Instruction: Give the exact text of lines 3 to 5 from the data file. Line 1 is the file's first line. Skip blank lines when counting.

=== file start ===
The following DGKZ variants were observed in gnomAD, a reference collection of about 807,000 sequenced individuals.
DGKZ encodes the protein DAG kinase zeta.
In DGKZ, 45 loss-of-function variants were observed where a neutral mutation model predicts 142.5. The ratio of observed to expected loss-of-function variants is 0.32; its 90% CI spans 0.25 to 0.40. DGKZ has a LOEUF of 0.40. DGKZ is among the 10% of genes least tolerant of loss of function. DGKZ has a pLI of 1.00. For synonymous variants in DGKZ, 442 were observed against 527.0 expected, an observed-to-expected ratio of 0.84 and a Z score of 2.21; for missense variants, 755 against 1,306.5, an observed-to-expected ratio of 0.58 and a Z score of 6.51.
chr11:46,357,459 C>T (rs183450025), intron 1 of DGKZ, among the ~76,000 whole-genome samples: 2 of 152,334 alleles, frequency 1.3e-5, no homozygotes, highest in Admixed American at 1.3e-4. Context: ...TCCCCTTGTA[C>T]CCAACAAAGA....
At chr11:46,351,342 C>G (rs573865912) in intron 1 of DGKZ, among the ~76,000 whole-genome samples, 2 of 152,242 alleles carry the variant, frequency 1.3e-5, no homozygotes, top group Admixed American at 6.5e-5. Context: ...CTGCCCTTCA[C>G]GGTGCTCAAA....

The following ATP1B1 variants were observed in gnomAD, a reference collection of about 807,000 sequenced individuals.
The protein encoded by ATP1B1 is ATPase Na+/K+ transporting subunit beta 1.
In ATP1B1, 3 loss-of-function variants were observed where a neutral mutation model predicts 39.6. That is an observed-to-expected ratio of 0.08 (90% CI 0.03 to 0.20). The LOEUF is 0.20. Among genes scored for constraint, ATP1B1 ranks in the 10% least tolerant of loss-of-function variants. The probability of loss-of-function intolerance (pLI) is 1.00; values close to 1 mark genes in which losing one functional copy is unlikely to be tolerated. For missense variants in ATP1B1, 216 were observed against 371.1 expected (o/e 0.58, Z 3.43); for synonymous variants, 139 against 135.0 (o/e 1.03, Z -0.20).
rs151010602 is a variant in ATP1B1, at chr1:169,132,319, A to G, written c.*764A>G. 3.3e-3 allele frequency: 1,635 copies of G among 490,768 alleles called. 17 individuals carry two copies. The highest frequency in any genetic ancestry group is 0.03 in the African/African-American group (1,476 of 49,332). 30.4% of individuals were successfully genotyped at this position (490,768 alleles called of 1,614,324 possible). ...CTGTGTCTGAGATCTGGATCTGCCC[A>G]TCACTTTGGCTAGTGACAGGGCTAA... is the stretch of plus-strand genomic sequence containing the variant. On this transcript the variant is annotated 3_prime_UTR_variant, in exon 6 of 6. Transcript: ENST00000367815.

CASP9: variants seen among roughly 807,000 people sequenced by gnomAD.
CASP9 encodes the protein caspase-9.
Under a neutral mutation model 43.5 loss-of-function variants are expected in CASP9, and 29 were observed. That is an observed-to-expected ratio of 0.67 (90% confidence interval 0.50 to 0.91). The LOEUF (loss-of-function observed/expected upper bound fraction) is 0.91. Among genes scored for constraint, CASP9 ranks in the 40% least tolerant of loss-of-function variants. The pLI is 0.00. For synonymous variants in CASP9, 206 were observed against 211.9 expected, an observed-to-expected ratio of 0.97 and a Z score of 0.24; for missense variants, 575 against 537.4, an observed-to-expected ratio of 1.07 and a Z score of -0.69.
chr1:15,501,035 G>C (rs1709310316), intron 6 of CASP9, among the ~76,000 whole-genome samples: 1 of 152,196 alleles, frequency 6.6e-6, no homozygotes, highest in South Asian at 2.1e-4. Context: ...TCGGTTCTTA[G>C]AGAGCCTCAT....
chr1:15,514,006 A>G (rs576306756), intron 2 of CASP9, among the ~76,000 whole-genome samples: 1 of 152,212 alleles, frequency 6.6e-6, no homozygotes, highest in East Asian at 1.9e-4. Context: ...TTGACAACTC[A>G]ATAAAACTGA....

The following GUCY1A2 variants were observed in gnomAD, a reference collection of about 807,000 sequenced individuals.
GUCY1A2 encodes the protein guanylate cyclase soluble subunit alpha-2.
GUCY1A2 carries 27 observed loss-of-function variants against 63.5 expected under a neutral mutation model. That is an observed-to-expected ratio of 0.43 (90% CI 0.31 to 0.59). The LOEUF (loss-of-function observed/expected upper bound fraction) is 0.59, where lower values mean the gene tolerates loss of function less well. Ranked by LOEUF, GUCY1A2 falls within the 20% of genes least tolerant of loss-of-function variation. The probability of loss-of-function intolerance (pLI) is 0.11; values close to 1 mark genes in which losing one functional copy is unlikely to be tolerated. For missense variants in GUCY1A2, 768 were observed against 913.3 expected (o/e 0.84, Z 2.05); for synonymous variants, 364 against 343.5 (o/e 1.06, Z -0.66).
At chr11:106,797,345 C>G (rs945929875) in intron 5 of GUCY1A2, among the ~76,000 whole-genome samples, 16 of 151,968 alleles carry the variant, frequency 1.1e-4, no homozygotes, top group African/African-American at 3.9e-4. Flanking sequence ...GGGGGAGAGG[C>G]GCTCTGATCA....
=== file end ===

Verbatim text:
In DGKZ, 45 loss-of-function variants were observed where a neutral mutation model predicts 142.5. The ratio of observed to expected loss-of-function variants is 0.32; its 90% CI spans 0.25 to 0.40. DGKZ has a LOEUF of 0.40. DGKZ is among the 10% of genes least tolerant of loss of function. DGKZ has a pLI of 1.00. For synonymous variants in DGKZ, 442 were observed against 527.0 expected, an observed-to-expected ratio of 0.84 and a Z score of 2.21; for missense variants, 755 against 1,306.5, an observed-to-expected ratio of 0.58 and a Z score of 6.51.
chr11:46,357,459 C>T (rs183450025), intron 1 of DGKZ, among the ~76,000 whole-genome samples: 2 of 152,334 alleles, frequency 1.3e-5, no homozygotes, highest in Admixed American at 1.3e-4. Context: ...TCCCCTTGTA[C>T]CCAACAAAGA....
At chr11:46,351,342 C>G (rs573865912) in intron 1 of DGKZ, among the ~76,000 whole-genome samples, 2 of 152,242 alleles carry the variant, frequency 1.3e-5, no homozygotes, top group Admixed American at 6.5e-5. Context: ...CTGCCCTTCA[C>G]GGTGCTCAAA....